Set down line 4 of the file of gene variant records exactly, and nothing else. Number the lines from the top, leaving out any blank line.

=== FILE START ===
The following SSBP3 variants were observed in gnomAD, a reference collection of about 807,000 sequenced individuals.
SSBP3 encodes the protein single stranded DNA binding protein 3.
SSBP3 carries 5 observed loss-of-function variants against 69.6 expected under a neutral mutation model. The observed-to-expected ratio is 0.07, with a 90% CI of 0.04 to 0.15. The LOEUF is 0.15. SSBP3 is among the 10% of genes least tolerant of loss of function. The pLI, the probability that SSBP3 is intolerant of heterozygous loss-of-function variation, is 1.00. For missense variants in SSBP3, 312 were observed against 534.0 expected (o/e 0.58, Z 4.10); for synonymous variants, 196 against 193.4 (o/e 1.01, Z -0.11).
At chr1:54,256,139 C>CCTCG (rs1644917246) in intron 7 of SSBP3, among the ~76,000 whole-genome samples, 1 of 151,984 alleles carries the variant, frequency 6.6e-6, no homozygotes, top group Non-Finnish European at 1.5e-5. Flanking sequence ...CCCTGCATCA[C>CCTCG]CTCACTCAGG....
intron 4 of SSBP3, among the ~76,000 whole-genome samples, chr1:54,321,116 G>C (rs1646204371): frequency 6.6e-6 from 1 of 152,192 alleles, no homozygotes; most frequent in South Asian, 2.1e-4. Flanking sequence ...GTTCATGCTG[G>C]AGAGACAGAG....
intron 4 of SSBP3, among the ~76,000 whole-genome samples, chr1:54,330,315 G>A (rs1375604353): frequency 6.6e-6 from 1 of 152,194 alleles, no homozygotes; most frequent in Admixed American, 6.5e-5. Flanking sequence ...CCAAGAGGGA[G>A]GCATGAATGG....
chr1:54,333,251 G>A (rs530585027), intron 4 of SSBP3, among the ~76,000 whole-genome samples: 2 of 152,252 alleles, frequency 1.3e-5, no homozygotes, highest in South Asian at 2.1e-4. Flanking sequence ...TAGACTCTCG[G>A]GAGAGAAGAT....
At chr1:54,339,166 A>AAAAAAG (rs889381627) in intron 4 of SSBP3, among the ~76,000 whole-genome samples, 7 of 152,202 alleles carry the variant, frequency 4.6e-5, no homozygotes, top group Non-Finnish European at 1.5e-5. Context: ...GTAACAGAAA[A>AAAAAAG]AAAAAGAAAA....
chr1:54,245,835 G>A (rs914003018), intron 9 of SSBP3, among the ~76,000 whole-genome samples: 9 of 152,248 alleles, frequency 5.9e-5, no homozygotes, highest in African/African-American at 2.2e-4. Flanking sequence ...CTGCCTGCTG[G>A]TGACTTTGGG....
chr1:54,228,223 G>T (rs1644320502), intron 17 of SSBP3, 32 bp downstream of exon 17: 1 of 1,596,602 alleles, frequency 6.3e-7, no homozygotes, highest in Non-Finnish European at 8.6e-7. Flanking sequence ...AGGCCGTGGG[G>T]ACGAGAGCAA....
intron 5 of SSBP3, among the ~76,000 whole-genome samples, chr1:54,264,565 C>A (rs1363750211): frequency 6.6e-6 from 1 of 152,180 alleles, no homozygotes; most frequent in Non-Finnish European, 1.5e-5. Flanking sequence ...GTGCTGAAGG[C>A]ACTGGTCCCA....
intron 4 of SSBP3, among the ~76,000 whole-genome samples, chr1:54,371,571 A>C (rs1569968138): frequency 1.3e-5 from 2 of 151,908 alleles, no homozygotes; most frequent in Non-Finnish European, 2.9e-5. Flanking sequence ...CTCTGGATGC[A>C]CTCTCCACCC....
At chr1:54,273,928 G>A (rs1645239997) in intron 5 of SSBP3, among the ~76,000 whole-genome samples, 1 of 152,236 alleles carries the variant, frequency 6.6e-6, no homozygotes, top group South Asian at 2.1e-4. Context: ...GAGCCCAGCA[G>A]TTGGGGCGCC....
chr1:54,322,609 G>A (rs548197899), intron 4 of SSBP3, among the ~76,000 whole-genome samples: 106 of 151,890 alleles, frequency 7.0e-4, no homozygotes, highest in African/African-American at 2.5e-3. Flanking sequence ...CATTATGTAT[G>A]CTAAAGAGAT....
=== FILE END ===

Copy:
At chr1:54,256,139 C>CCTCG (rs1644917246) in intron 7 of SSBP3, among the ~76,000 whole-genome samples, 1 of 151,984 alleles carries the variant, frequency 6.6e-6, no homozygotes, top group Non-Finnish European at 1.5e-5. Flanking sequence ...CCCTGCATCA[C>CCTCG]CTCACTCAGG....